VANCOUVER, British Columbia — The post-event cheeky chatter — and nobody does cheeky chatter like figure skating — was about Evgeni Plushenko's impudent suggestion that he had been robbed.
"Overall my basic position and attitude is that movement needs to go forward and never stop, never go back," the 2006 Olympic champion told the media.
"I think people need to do lots of quads."
Because the Russian skater was the only one in the room who does quads, his remarks Thursday night came across as self-serving — sour grapes, unbecoming of a guy who thought he could take three years off from the sport and then dance in and steal the gold medal.
Plushenko, quadruple jump and all, received the silver medal in Thursday night's men's figure skating finals. U.S. skater Evan Lysacek, who attempted no quads in his dramatic, near-flawless performance, was rewarded with the gold.
Move along, everyone. There's no crooked judge to see here.
Lysacek confessed later to the Chicago Tribune that he was disappointed to hear such whining from a champion skater whom he's always looked up to.
"I guess I was a little disappointed that someone that was my role model would take a hit at me in probably one of the most special moments of my life," Lysacek told the Tribune's Phil Hersh.
In insisting, however, that skating should always be looking forward, Plushenko diminishes his own argument by focusing on his quad jump. If he really felt the judges were only looking at quads, Plushenko should have thrown in another one in Thursday's free skating program, especially one in the second half of his performance.
Instead, he did what a lot of less-experienced and lesser-prepared skaters would have done — he packed his jumps into the first half of his routine (when a skater is less tired), and then tried to showboat in front of the judges in the second half.
Twice, he blew the judges kisses. It reminded Olympic watchers of the 1988 women's final, when Katarina Witt all but skated behind bubbles and fans to win the gold medal.
The judging is different now. Lysacek's overall performance was simply better.
At a news conference Friday, Lysacek said, "It's funny that he, of all people, is making such a big deal of one single element. It is one difficult step in the program, but that's one step of hundreds.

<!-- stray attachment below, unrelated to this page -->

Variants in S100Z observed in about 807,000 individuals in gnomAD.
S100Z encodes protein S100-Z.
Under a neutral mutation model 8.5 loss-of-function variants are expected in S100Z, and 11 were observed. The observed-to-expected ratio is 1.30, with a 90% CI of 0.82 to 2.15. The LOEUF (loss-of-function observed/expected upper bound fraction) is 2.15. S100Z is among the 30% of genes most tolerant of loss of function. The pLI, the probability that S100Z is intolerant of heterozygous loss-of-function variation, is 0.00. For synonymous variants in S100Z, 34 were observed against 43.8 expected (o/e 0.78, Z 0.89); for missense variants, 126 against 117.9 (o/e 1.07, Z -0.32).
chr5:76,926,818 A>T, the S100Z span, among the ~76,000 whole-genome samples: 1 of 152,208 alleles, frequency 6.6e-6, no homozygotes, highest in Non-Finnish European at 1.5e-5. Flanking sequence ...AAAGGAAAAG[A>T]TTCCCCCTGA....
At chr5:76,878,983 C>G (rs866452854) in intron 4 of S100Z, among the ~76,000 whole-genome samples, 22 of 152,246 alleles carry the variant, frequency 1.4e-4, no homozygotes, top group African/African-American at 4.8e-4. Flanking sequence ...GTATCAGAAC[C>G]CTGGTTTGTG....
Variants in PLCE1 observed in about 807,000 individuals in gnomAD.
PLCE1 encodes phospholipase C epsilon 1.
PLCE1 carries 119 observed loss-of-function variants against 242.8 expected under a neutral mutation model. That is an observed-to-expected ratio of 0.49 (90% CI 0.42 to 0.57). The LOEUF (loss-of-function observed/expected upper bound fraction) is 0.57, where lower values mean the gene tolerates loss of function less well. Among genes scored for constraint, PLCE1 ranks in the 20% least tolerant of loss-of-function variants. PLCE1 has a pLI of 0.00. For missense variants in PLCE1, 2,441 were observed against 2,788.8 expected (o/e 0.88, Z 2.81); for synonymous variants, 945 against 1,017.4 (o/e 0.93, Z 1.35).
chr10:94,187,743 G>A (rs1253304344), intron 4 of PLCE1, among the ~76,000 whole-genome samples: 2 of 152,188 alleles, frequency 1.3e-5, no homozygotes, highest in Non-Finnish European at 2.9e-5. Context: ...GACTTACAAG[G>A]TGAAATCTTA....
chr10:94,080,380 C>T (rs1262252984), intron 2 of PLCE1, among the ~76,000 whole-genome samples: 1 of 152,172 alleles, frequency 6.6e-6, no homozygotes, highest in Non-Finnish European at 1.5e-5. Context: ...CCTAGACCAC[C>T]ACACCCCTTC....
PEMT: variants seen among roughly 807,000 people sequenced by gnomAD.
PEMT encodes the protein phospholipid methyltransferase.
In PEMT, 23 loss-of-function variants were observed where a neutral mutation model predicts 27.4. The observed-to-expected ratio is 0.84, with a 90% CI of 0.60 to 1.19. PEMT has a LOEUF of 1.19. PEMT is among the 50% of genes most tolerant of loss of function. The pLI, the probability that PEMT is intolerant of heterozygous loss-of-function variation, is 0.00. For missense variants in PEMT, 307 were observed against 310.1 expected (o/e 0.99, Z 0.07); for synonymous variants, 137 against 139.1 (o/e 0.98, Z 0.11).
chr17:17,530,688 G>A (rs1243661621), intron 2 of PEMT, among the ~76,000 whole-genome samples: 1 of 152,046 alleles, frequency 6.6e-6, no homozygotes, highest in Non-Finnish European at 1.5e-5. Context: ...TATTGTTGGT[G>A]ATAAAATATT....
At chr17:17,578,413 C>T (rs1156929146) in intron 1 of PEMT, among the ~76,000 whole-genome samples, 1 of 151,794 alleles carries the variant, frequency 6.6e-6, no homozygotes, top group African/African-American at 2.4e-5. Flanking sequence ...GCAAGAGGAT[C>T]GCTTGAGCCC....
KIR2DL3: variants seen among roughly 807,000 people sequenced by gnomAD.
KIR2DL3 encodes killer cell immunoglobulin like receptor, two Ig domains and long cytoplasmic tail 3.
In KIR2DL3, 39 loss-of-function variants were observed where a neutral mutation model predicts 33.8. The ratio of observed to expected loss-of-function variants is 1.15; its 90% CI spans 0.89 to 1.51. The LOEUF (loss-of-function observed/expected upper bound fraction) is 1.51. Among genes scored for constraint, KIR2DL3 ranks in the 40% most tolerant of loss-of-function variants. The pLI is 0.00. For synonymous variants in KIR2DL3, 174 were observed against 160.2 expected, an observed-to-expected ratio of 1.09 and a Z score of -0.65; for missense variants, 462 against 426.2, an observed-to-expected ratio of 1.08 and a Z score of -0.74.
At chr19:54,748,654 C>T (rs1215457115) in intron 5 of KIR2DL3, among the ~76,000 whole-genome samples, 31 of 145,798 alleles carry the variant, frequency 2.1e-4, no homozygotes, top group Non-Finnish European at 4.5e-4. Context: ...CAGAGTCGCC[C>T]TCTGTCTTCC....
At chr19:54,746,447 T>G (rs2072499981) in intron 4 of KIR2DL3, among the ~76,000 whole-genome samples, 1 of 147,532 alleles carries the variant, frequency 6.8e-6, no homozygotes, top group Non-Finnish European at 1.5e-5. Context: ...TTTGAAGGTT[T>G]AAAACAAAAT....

"Each and every step we take from the starting pose to the ending pose is accumulating points. I don't know why some people are so hung up on one particular element."
NO CHEAP TICKETS
The guy on the sidewalk above Robson Square — the guy who wouldn't make eye contact, because there were cops everywhere — wanted to know if I wanted Olympic tickets.
"I've got Finland and Russia hockey," the man said. "That's going to be a good game — a great game."
How much, I asked? I was curious.
"One-fifty ($150)," he said. "It's going to be a great game."
Face value was $80, so you do the math.
Ticket scalping in British Columbia, it seems, is a lot like cannibis. It isn't entirely legal, but the police have better things to do.
"I'm not going to answer that," a Vancouver policewoman said Friday. "That's a really gray area.
"But I would caution anyone who buys an Olympic ticket from someone on the street. You don't know where that ticket came from. The original purchaser's name is recorded. If he decides to report the ticket as stolen, you're the one who could be arrested for receiving stolen property."
Hmm. Just to see Finland and Russia?
A better, safer deal is just to go to one of the downtown official Olympic ticket offices, the ones with usually about 100 or so people in line.
Pickings are lean, however. The ticket office at Robson Square had the same Finland-Russia hockey game for $80 and $140.
Same price for today's big battle between . . . Latvia and Slovakia.
There are, amazingly, still seats available for the closing ceremony. That, plus some $300 tickets to a men's hockey quarterfinal game, are listed as "very limited."
The closing ceremony tickets sell for $775 or $500.
LeBreton is a columnist for the Fort Worth Star-Telegram
(c) 2010, Fort Worth Star-Telegram.